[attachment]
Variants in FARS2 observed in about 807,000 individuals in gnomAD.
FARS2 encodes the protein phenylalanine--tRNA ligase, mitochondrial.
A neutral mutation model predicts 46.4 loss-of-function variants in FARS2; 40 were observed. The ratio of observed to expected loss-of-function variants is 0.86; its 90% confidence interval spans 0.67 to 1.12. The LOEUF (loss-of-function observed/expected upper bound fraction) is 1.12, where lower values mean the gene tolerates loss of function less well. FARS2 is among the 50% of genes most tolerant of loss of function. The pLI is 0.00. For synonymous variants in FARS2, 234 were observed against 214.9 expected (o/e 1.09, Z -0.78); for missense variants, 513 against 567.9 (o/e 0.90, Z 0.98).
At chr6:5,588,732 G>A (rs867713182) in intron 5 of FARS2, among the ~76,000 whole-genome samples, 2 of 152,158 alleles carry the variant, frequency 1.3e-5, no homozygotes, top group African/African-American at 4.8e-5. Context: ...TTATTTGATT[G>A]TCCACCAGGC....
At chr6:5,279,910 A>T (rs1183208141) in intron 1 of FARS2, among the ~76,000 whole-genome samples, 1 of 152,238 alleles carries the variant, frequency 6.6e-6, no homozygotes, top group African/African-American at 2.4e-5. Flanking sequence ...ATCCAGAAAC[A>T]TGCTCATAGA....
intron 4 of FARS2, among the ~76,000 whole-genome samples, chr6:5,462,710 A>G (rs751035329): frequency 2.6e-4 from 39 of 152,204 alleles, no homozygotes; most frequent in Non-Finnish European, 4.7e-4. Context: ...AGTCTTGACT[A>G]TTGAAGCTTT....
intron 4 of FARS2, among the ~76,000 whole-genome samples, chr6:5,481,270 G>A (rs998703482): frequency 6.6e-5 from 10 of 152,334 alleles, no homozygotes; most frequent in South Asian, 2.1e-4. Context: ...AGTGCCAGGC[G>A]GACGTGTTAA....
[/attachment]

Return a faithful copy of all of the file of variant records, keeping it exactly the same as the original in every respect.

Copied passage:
Variants in FARS2 observed in about 807,000 individuals in gnomAD.
FARS2 encodes the protein phenylalanine--tRNA ligase, mitochondrial.
A neutral mutation model predicts 46.4 loss-of-function variants in FARS2; 40 were observed. The ratio of observed to expected loss-of-function variants is 0.86; its 90% confidence interval spans 0.67 to 1.12. The LOEUF (loss-of-function observed/expected upper bound fraction) is 1.12, where lower values mean the gene tolerates loss of function less well. FARS2 is among the 50% of genes most tolerant of loss of function. The pLI is 0.00. For synonymous variants in FARS2, 234 were observed against 214.9 expected (o/e 1.09, Z -0.78); for missense variants, 513 against 567.9 (o/e 0.90, Z 0.98).
At chr6:5,588,732 G>A (rs867713182) in intron 5 of FARS2, among the ~76,000 whole-genome samples, 2 of 152,158 alleles carry the variant, frequency 1.3e-5, no homozygotes, top group African/African-American at 4.8e-5. Context: ...TTATTTGATT[G>A]TCCACCAGGC....
At chr6:5,279,910 A>T (rs1183208141) in intron 1 of FARS2, among the ~76,000 whole-genome samples, 1 of 152,238 alleles carries the variant, frequency 6.6e-6, no homozygotes, top group African/African-American at 2.4e-5. Flanking sequence ...ATCCAGAAAC[A>T]TGCTCATAGA....
intron 4 of FARS2, among the ~76,000 whole-genome samples, chr6:5,462,710 A>G (rs751035329): frequency 2.6e-4 from 39 of 152,204 alleles, no homozygotes; most frequent in Non-Finnish European, 4.7e-4. Context: ...AGTCTTGACT[A>G]TTGAAGCTTT....
intron 4 of FARS2, among the ~76,000 whole-genome samples, chr6:5,481,270 G>A (rs998703482): frequency 6.6e-5 from 10 of 152,334 alleles, no homozygotes; most frequent in South Asian, 2.1e-4. Context: ...AGTGCCAGGC[G>A]GACGTGTTAA....